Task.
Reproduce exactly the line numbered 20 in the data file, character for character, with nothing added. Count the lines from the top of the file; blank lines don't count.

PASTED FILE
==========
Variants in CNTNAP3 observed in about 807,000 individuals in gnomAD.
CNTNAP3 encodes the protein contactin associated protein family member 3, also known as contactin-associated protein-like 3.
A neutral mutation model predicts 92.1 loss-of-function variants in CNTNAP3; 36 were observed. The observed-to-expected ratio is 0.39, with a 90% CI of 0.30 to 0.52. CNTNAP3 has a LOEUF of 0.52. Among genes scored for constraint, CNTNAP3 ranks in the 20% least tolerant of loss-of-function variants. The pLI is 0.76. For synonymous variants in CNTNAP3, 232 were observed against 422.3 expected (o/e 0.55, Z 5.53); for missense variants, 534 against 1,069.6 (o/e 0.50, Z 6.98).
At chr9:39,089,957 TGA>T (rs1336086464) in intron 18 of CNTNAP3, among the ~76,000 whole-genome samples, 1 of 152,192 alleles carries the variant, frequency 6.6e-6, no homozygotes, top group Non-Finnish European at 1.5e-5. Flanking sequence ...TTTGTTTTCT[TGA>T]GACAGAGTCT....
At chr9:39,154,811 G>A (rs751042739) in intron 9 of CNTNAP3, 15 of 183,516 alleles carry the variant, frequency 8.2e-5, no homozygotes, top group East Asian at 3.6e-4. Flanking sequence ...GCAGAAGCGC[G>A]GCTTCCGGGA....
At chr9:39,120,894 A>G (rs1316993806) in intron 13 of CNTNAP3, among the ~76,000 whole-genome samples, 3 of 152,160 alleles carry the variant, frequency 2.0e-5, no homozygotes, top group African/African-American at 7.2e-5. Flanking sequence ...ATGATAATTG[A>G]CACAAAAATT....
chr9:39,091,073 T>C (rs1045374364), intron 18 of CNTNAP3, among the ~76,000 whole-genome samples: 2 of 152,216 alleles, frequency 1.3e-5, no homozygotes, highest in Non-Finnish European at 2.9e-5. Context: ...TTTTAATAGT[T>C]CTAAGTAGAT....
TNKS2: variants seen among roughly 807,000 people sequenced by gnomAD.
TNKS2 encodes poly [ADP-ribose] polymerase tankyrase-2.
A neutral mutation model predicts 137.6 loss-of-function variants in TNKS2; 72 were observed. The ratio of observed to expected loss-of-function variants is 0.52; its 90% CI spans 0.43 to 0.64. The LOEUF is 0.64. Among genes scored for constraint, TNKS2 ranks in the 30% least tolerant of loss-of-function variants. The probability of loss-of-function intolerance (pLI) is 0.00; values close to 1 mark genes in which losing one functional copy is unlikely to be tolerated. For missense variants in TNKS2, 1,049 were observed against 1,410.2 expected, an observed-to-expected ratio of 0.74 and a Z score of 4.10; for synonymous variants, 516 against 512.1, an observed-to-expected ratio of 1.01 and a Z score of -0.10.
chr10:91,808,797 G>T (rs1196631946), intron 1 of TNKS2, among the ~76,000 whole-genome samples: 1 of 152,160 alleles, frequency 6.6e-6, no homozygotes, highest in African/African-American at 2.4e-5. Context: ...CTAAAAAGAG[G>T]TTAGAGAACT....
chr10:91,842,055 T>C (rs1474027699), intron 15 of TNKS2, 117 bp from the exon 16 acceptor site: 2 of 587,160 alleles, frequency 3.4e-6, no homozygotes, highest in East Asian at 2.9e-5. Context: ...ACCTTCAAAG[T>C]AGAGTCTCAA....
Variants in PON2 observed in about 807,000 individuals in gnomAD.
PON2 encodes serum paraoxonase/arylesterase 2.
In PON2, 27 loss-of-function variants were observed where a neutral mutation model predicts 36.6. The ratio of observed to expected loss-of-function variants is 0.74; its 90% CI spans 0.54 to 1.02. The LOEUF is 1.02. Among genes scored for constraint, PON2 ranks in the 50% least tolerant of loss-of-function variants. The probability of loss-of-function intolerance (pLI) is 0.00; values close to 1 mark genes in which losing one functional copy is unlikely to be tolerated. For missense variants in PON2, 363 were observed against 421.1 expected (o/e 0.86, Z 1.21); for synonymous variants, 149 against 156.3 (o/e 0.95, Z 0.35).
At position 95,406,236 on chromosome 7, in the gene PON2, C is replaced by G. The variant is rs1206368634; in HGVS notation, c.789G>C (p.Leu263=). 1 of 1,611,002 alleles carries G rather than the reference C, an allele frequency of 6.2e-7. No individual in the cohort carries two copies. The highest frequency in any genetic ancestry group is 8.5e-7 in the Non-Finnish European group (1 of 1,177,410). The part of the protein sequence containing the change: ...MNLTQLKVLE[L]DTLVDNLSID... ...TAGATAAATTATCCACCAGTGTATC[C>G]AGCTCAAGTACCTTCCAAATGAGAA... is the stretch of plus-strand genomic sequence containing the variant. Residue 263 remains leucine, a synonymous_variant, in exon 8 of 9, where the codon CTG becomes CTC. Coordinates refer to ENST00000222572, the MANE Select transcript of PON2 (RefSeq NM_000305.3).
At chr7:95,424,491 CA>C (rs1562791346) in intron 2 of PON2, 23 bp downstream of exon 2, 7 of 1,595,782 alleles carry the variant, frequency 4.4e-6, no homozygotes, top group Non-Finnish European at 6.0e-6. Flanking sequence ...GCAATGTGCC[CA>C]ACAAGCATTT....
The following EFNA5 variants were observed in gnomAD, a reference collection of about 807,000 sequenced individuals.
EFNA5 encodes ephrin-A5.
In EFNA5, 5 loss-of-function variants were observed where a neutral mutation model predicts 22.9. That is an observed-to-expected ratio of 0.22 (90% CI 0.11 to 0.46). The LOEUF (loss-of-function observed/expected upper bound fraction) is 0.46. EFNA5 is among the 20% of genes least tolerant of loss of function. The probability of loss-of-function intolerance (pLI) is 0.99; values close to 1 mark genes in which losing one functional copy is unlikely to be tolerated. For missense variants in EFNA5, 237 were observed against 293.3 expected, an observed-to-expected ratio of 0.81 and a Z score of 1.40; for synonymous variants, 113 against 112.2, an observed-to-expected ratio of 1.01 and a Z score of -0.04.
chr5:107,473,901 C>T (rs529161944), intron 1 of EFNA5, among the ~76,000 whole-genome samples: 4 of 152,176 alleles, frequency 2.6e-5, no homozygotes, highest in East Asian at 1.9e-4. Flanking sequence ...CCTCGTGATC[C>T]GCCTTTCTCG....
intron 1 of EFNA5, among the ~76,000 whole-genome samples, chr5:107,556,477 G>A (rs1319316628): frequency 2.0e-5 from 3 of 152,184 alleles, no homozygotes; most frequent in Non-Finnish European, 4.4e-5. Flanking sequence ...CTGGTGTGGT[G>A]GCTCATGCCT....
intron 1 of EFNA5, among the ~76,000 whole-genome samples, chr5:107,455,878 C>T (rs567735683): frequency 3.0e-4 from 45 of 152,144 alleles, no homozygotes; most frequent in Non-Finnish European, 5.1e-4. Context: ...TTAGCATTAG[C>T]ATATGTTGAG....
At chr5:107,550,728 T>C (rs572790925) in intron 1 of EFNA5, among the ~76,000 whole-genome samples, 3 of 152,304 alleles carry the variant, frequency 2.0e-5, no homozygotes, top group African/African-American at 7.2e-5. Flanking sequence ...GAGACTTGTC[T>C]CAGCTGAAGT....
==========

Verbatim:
In EFNA5, 5 loss-of-function variants were observed where a neutral mutation model predicts 22.9. That is an observed-to-expected ratio of 0.22 (90% CI 0.11 to 0.46). The LOEUF (loss-of-function observed/expected upper bound fraction) is 0.46. EFNA5 is among the 20% of genes least tolerant of loss of function. The probability of loss-of-function intolerance (pLI) is 0.99; values close to 1 mark genes in which losing one functional copy is unlikely to be tolerated. For missense variants in EFNA5, 237 were observed against 293.3 expected, an observed-to-expected ratio of 0.81 and a Z score of 1.40; for synonymous variants, 113 against 112.2, an observed-to-expected ratio of 1.01 and a Z score of -0.04.